A federal judge on Wednesday blocked a Florida law that would penalize social media companies for blocking a politician’s posts, a blow to conservatives’ efforts to respond to Facebook and other websites’ suspension of former president Donald Trump.
The law was due to go into effect Thursday, but in issuing a preliminary injunction, U.S. District Judge Robert Hinkle of the Northern District of Florida suggested that the law would be found unconstitutional.
“The plaintiffs are likely to prevail on the merits of their claim that these statutes violate the First Amendment,” Hinkle wrote. “There is nothing that could be severed and survive.”
The law laid out fines for tech companies that suspended political candidates in the run-up to an election.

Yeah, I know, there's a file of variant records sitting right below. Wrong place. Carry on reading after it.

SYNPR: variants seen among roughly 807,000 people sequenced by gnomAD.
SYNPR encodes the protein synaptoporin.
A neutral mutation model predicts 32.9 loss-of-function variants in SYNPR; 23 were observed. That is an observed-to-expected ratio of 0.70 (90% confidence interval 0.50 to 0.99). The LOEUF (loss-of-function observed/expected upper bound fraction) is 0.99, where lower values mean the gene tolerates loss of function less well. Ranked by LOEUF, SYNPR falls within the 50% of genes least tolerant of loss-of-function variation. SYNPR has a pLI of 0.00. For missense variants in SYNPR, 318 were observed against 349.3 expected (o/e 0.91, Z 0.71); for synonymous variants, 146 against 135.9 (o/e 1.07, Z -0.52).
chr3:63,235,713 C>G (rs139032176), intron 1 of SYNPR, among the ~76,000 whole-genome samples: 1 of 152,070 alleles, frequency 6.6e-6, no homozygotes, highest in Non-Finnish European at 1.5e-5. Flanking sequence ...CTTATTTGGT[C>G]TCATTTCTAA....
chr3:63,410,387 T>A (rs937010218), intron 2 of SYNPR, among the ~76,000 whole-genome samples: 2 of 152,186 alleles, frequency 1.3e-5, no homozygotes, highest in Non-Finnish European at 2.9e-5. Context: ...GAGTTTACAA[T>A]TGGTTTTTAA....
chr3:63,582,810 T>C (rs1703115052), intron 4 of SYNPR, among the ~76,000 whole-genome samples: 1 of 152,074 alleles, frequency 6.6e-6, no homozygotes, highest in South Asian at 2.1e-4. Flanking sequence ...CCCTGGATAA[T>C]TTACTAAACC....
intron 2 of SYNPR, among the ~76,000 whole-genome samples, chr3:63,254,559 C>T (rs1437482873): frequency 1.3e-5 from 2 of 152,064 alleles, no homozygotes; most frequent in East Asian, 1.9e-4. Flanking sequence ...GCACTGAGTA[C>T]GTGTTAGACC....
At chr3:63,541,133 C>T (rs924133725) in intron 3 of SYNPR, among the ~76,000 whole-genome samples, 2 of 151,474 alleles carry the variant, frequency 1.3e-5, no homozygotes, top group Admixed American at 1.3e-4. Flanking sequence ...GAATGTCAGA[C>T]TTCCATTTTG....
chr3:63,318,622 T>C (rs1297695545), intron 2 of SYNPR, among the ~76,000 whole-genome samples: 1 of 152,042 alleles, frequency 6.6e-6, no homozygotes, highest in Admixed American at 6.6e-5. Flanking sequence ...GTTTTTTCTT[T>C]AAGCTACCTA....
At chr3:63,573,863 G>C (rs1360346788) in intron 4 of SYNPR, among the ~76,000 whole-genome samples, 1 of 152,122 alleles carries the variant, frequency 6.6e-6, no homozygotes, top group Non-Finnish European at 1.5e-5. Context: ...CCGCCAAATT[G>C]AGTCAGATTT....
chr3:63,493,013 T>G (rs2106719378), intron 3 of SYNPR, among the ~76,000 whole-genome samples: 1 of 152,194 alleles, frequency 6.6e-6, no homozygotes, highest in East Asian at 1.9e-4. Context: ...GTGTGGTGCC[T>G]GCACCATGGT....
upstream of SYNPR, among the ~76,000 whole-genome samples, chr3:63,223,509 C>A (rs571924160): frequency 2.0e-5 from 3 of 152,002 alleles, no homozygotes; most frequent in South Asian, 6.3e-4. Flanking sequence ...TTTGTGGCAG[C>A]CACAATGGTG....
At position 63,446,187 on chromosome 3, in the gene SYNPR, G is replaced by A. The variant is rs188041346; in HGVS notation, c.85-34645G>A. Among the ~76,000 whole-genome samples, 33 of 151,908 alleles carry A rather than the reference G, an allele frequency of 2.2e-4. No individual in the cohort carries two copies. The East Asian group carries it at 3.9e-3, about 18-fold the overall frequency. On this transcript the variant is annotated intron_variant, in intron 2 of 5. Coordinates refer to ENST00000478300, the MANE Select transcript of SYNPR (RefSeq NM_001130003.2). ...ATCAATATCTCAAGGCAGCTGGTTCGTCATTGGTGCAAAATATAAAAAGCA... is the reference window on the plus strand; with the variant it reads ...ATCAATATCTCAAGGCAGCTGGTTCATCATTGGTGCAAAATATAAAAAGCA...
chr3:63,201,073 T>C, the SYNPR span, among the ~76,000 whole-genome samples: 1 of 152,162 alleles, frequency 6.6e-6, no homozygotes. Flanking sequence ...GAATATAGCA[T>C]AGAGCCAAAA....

Florida legislators approved the law after Facebook, Twitter and YouTube suspended Trump’s accounts for violating their policies following the Jan. 6 attack on the U.S. Capitol. Florida Gov. Ron DeSantis (R), a potential 2024 presidential candidate and key Trump ally, touted the law as a stand against alleged censorship of conservatives when he signed it in May….
The judge wrote a blistering criticism of the Florida law, saying that it “compels providers to host speech that violates their standards.”
“Like prior First Amendment restrictions, this is an instance of burning the house to roast a pig,” he wrote.
He also said that remarks from the governor and other lawmakers made clear that the law was “viewpoint-based,” adding that there was “substantial factual support” showing the law was motivated by hostility toward the perceived liberal bias of large tech firms.
Hinkle also referred to the law as “riddled with imprecision and ambiguity” and said it “does not survive strict scrutiny.”
You can read the opinion here.